With the expanded roster that now includes Ridley, the Inklings and Daisy, Nintendo will be making new amiibo figures of these characters for use in Smash Ultimate.
There will be many new and classic stages.
Nintendo has yet to reveal the full stage list for Smash Ultimate, but the company has already shown off old favorites that haven't been seen since the original Nintendo 64 release. Saffron City, the hectic Pokémon stage from the first game, was seen as selectable during Nintendo's Treehouse demo event on June 12. Thirteen stages were selectable in this demo, including three brand-new stages: Great Plateau Tower from The Legend of Zelda: Breath of the Wild, Moray Towers from Splatoon, and Prism Tower from Pokémon X and Y. (That's a lot of towers, for some reason.)
But a close look at the official E3 presentation and other character videos reveals several stages from past Smash games. If the roster was made to include every past character in the Smash series, it's likely we'll see every past stage make an appearance as well.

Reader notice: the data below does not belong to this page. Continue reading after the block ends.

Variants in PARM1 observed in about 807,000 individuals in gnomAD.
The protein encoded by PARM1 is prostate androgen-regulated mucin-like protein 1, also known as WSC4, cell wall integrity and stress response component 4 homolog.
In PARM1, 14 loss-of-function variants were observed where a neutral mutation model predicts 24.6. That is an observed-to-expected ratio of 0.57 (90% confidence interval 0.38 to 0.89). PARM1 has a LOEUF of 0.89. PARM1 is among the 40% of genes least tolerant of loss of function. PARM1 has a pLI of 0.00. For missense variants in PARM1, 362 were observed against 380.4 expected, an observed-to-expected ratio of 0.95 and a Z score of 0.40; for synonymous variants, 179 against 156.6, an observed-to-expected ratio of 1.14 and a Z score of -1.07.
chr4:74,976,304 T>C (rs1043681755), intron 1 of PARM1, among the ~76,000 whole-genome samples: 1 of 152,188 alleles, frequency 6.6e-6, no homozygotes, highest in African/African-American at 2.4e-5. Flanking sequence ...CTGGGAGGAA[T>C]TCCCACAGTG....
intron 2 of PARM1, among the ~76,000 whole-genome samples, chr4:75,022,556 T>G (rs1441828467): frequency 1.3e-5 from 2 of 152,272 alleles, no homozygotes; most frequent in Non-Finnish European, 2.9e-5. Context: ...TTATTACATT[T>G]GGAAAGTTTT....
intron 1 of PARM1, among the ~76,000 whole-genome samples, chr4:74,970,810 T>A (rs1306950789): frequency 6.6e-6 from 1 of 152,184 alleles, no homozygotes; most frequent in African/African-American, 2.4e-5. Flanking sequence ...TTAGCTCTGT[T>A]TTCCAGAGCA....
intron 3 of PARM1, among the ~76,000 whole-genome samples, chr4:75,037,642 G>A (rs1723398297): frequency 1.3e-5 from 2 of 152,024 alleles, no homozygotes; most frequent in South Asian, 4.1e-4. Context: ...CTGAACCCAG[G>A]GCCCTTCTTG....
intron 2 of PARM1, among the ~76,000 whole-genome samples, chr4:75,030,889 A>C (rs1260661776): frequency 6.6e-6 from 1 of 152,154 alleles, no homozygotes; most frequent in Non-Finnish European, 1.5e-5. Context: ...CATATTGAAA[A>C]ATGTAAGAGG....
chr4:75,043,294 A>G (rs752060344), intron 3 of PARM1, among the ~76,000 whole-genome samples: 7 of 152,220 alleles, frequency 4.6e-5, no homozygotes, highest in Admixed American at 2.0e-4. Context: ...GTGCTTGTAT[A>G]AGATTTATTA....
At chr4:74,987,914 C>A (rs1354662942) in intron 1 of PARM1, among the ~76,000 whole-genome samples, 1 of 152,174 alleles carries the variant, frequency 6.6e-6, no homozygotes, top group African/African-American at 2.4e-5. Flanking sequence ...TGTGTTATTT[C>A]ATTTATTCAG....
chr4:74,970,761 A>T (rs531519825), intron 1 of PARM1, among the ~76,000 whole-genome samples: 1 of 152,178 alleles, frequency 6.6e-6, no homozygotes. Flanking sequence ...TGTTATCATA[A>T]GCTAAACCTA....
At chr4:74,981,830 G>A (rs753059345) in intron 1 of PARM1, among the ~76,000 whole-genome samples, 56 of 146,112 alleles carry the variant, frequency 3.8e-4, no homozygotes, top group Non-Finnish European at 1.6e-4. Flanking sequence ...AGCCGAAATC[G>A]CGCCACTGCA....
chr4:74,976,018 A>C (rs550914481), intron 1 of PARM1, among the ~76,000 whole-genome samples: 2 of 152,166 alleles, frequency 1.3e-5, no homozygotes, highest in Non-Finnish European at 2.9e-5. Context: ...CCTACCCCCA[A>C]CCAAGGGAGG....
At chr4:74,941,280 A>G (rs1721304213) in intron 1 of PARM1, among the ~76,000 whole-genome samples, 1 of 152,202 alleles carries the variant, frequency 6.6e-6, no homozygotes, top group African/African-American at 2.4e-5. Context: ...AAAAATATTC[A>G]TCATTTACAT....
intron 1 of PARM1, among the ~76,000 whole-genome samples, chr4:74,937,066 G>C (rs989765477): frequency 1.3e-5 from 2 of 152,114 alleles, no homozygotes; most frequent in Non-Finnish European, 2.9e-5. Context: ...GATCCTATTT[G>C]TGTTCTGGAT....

You'll get more items, including Pokémon and Assist Trophies.
As you might expect, a whole bunch of new items will be added to the game to help keep things fun and chaotic for players who like all the bells and whistles. You'll be able to use many new and returning Assist Trophies and Pokémon — short-lived AI companions that help you fight — during matches, including the debut of Bomberman as an Assist Trophy.
Aerial attacks are easier.
Getting into the finer gameplay details, the E3 presentation showed off a new mechanic that will let you perform an aerial attack immediately after a jump by pressing the Attack button (A) and Jump button (X or Y) at the same time. Previously, this maneuver was possible, but the timing was somewhat difficult to master.
Now you'll easily be able to perform your character's forward or backward aerial attacks while close to the ground.